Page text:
Seattle City Councilmember Kshama Sawant was one of four people arrested Wednesday evening for failing to disperse during a protest outside Alaska Airlines headquarters calling for a $15 minimum wage for airport workers.
The arrests were the culmination of a protest organized by Working Washington, an organization that has been pushing for a higher minimum wage. About 100 Seattle-Tacoma International Airport workers and supporters gathered near Alaska Airlines headquarters, then walked across International Boulevard and chanted in front of the building.
A SeaTac referendum, known as Proposition 1, which took effect earlier this year, raised the minimum wage in that city to $15 an hour. However, a judge handling a lawsuit filed last year by Proposition 1 opponents, including Alaska Airlines, ruled that it did not apply to airport workers because the municipal ordinance could not be enforced at the airport, which is operated by the Port of Seattle.
Port of Seattle Commissioners voted in July to raise the minimum wage for Port workers who require security badges to $11.22 an hour in January and $13 by 2017. Last week, Airlines for America, a trade organization composed of major airlines, sued the Port in federal court, saying the new minimum wagewas forcing airlines to comply with requirements that conflict with labor agreements. Raises already given to 1,000 vendor employees before the Port vote will remain in place regardless of the ruling, Alaska Airlines said.
Most Read Local Stories
- Seattle mayoral matchmaker: Which candidate shares your views?
- A quiet rise in homelessness in northeast King County raises stakes in contentious council race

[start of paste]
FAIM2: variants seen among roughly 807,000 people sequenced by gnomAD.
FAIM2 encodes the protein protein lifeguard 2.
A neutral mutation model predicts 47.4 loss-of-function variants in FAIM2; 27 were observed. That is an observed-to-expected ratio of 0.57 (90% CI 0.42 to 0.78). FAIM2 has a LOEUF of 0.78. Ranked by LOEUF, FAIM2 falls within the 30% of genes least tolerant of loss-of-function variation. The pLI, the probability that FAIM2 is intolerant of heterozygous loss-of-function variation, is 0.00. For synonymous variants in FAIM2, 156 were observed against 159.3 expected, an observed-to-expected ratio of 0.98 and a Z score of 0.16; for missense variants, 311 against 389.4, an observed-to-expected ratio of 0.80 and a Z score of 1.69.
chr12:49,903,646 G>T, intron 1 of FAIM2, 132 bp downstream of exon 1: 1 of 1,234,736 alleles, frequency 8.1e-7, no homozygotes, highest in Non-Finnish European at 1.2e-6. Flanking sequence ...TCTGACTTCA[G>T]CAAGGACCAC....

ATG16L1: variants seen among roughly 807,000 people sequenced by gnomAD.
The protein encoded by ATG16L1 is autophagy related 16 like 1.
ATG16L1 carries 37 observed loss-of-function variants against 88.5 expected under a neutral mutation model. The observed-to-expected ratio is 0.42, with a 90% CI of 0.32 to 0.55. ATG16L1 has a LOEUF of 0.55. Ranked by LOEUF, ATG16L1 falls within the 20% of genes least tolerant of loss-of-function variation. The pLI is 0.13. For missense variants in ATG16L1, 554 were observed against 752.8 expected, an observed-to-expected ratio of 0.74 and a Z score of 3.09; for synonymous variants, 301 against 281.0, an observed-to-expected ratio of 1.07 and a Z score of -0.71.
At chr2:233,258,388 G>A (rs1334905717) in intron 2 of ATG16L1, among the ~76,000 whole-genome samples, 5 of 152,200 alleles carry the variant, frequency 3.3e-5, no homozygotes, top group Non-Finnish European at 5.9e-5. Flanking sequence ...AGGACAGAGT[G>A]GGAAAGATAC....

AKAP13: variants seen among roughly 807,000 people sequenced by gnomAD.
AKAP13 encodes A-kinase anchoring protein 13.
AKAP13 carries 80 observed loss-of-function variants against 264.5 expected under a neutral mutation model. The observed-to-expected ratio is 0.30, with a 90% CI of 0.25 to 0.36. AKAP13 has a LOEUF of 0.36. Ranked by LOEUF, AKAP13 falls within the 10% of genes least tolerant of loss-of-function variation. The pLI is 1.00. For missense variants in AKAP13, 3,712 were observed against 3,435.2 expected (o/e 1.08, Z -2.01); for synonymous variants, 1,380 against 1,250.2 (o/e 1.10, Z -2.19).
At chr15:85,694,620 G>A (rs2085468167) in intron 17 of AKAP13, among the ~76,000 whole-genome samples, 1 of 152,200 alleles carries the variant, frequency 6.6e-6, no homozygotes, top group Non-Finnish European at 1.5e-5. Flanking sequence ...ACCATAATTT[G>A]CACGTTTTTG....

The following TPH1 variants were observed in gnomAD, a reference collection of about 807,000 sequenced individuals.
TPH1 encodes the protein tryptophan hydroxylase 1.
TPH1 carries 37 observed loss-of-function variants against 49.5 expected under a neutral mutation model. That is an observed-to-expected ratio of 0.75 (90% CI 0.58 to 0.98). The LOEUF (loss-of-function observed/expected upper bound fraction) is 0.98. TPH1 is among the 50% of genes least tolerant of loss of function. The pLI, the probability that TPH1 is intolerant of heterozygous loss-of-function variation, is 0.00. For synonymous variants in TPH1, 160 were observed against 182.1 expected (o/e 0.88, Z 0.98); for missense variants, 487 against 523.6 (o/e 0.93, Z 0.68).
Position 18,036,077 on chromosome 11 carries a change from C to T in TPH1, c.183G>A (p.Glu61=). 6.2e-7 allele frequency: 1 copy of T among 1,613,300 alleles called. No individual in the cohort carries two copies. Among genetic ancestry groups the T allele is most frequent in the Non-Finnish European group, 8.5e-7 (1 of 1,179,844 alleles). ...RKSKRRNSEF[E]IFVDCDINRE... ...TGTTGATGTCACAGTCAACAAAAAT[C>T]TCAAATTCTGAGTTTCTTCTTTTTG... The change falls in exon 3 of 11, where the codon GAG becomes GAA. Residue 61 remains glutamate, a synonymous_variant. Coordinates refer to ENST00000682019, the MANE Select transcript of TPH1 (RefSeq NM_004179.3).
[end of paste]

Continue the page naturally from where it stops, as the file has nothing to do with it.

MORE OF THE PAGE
- How his twin brother's deathbed plea was a call to action for Washington state's insurance commissioner
- Seven rescued after vehicle goes off cliff near trailhead in Snohomish County
- What to know about Monday's COVID vaccine deadline in Washington state
The workers decided to protest after hearing about the lawsuit. The protest comes “after a year of mounting community frustration” with Alaska Airlines, which is the most prominent airline at Sea-Tac, according to Working Washington spokesman Sage Wilson.
Before the protest started, Sawant said it was her “obligation as a public servant” to exercise civil disobedience and risk arrest.
“This is how you show political leadership,” she said.
The four protesters — Sawant, a cargo handler, a former airport worker and a church pastor — stood in the middle of International Boulevard as SeaTac police officers announced that anyone not on the sidewalk would be arrested. The four were booked into the South Correctional Entity Regional Jail in Des Moines shortly after 5:30 p.m. and remained there for at least three hours.
Socrates Bravo, 25, who works as a ramp agent unloading cargo for a company that contracts with Alaska Airlines, said many of his co-workers have to work extra hours and more than one job because they don’t make enough money.
“We have to work a lot of overtime just to make ends meet,” said Bravo, who was arrested alongside Sawant.
In a statement issued Wednesday, Alaska Airlines said it supports fair-wage jobs and that it stands with Airlines for America.
“Alaska stands with the entire airline industry as Airlines for America (A4A), the industry’s trade group, challenges the legality of the Port wage mandate,” the statement said. “The challenge focuses on the Port enacting policies in an area governed by federal and state laws and regulations. Alaska’s pay increases will remain in place regardless of the outcome of this litigation.”
Paige Cornwell: 206-464-2530 or email@example.com